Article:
Residents of Rivière-des-Prairies are still dealing with a putrid stench coming from a company called Sanimax.
People have been complaining about the animal byproduct processing company for years. On Thursday night at Don Bosco Youth Leadership Centre, officials and residents had an unprecedented meeting to discuss Sanimax.
“At times, it did get a little feisty at the meeting,” said RDP resident Joseph Paglia, a vocal critic of the company.
“Citizens were upset last night, and they have a right to be upset,” said RDP borough councillor Lisa Christensen, who attended the meeting to speak to citizens on behalf of Rivière-des-Prairies-Pointe-aux-Trembles.
According to city figures, 4,300 complaints have been made about the company since 1992. Participants felt this meeting was different.
“It is the first time, to my knowledge, that we were able to get different levels of government to discuss this issue,” said Paglia.
Christensen, local MNA Marc Tanguay, and MP Pablo Rodriguez all attended the meeting.
Sanimax transforms animal parts into usable products like tires and makeup. A large spill of animal entrails into a busy RDP street infuriated residents back in October of 2018. Recently the main issue has been the smell emanating from the facility.
“We receive letters from Sanimax saying the issue is resolved, then the same night it smells like putrid rotting chicken,” said Paglia.
Sanimax sent a letter to some residents after Global News covered the story of the stench last week. In the letter, the company apologized for recent mechanical issues, and says nothing like this has ever happened in the company’s 80-year existence.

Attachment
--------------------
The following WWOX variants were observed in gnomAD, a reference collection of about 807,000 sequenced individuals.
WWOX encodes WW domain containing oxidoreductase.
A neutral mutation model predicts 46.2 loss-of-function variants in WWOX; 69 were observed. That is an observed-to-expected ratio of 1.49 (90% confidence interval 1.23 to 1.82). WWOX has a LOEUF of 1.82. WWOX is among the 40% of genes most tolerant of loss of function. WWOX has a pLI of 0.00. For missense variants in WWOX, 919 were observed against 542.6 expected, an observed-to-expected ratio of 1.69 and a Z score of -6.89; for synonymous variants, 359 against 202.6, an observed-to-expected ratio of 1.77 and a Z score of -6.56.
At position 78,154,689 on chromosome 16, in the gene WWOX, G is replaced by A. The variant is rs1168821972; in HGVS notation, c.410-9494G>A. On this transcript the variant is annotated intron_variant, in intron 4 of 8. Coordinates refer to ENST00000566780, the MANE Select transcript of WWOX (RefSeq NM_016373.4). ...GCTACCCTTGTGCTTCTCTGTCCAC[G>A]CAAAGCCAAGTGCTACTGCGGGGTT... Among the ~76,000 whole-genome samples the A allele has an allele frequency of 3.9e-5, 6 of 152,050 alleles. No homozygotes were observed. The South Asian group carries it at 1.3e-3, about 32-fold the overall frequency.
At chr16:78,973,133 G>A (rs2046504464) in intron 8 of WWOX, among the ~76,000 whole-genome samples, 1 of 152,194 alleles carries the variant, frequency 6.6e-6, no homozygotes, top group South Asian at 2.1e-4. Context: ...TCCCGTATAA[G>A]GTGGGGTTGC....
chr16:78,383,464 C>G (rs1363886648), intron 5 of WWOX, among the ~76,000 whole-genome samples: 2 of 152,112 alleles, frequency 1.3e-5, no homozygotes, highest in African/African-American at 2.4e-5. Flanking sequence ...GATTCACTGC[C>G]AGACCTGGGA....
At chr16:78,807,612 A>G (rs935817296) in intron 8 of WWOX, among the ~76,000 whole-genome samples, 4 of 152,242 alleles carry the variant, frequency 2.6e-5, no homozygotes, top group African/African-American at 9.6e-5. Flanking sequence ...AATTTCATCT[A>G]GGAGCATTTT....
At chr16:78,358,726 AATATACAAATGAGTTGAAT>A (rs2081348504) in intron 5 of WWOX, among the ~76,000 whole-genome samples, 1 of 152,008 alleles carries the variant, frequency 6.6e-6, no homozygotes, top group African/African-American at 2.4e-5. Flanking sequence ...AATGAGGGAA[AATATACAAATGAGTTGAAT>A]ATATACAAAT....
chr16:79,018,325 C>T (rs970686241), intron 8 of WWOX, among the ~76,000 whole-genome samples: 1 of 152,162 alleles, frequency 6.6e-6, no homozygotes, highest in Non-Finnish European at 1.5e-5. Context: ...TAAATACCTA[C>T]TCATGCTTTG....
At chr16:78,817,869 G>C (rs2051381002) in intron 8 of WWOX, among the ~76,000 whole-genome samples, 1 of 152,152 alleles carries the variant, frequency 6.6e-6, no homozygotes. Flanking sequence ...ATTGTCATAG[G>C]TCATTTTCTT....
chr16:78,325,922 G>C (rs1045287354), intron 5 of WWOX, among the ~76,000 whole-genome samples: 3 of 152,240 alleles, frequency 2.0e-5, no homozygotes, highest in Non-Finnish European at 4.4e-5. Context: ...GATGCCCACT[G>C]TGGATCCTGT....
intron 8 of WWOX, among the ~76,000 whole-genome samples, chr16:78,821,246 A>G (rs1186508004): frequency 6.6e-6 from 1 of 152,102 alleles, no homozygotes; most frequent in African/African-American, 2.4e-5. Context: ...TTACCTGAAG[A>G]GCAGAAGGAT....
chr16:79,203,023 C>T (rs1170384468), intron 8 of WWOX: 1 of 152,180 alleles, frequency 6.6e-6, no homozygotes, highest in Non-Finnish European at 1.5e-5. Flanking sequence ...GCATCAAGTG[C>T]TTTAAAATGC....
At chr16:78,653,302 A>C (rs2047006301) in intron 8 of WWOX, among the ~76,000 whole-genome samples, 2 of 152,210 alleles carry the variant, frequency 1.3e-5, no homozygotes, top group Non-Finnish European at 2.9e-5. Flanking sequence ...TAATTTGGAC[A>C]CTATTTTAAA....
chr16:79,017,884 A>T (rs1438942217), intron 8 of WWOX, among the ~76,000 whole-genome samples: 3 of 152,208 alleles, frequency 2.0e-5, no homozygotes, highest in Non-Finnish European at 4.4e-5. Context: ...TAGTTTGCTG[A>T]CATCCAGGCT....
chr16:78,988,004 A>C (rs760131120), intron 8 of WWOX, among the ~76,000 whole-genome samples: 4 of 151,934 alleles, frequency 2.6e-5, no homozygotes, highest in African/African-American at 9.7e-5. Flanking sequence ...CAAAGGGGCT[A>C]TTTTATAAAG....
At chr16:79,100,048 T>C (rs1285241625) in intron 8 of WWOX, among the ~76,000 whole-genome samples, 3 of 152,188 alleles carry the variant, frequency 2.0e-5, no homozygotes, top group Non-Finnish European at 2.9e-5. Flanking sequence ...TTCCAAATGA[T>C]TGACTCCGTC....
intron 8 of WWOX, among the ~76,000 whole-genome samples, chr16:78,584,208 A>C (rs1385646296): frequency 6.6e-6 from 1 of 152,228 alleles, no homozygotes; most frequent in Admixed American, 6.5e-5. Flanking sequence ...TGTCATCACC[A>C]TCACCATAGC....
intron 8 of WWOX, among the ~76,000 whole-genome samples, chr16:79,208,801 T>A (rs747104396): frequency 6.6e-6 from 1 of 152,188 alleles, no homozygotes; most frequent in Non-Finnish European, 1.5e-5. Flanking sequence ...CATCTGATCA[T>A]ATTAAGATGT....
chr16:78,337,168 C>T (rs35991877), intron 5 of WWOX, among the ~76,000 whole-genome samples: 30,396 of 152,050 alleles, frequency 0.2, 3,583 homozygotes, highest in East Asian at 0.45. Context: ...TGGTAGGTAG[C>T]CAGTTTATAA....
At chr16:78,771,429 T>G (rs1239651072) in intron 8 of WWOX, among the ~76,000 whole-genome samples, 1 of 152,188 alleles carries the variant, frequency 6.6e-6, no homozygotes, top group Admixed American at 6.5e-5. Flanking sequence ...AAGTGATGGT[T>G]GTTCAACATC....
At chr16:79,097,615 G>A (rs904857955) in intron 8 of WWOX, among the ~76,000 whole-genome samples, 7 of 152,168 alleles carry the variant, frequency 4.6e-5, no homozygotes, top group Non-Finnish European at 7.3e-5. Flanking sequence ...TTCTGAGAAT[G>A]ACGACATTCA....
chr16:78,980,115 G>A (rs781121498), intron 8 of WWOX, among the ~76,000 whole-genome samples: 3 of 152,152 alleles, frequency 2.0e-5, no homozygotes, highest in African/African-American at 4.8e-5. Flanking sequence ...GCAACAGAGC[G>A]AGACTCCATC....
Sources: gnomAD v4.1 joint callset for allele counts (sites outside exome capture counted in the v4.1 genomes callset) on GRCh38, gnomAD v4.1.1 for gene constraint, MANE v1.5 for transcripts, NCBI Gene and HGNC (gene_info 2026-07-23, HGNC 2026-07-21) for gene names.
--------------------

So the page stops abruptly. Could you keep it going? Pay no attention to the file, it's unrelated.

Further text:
“What have they done different to address the odors that are happening now that they haven’t done in 80 years?” wondered Paglia.
At the meeting, citizens demanded the city do more to test the air around the plant. The city says it will be looking into that and at reinforcing air quality laws.
“We want to streamline it, so it makes it that much more easier to proceed with fines,” said Christensen.
“I’m glad to hear the city will conduct analysis and will be producing a report with respect to the quality of air in that part of Montreal,” Tanguay told Global News in an interview.
Christensen is inviting people to keep complaining on the city’s new tip line. Sanimax told Global News they are in the area to stay, but Tanguay hopes that’s not true.
“Long term, we are talking about potentially relocating Sanimax,” he said. “That would be the most efficient solution.”
In his seven years as the area’s MNA, Tanguay said he has never seen such organized opposition to Sanimax.
“This type of mobilization from the population, the citizens, it is new for me and it’s good,” he said.
Sanimax could not say why they did not attend the meeting.
“I don’t know why nobody went,” said Sanimax general manager Eric Caputo. “In the coming days, we have our own meetings planned with elected officials, Montreal environmental services and some citizens.”
The city remains embroiled in multiple legal battles with Sanimax.